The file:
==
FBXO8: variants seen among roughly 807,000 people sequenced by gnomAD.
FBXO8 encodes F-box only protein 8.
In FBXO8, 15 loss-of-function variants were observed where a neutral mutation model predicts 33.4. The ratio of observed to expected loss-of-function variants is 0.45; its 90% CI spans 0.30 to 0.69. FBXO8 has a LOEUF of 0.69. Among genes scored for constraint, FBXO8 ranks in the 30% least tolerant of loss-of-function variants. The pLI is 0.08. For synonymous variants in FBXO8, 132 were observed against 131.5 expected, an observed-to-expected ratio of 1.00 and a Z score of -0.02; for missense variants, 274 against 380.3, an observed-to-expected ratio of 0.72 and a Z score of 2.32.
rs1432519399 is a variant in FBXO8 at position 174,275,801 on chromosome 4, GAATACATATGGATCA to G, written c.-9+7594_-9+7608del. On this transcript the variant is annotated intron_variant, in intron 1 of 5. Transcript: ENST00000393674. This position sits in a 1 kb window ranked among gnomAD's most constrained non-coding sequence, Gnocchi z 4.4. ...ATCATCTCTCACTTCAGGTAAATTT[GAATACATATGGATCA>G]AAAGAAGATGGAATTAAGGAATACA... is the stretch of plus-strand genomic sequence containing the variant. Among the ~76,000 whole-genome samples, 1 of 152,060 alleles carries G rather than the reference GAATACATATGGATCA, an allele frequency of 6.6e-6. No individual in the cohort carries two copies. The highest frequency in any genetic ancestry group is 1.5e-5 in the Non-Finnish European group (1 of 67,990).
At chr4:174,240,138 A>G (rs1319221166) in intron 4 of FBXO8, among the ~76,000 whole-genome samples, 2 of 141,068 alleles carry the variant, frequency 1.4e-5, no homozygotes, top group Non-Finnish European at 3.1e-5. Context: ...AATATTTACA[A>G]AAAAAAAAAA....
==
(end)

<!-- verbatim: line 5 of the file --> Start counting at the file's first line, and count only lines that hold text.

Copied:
At chr4:174,240,138 A>G (rs1319221166) in intron 4 of FBXO8, among the ~76,000 whole-genome samples, 2 of 141,068 alleles carry the variant, frequency 1.4e-5, no homozygotes, top group Non-Finnish European at 3.1e-5. Context: ...AATATTTACA[A>G]AAAAAAAAAA....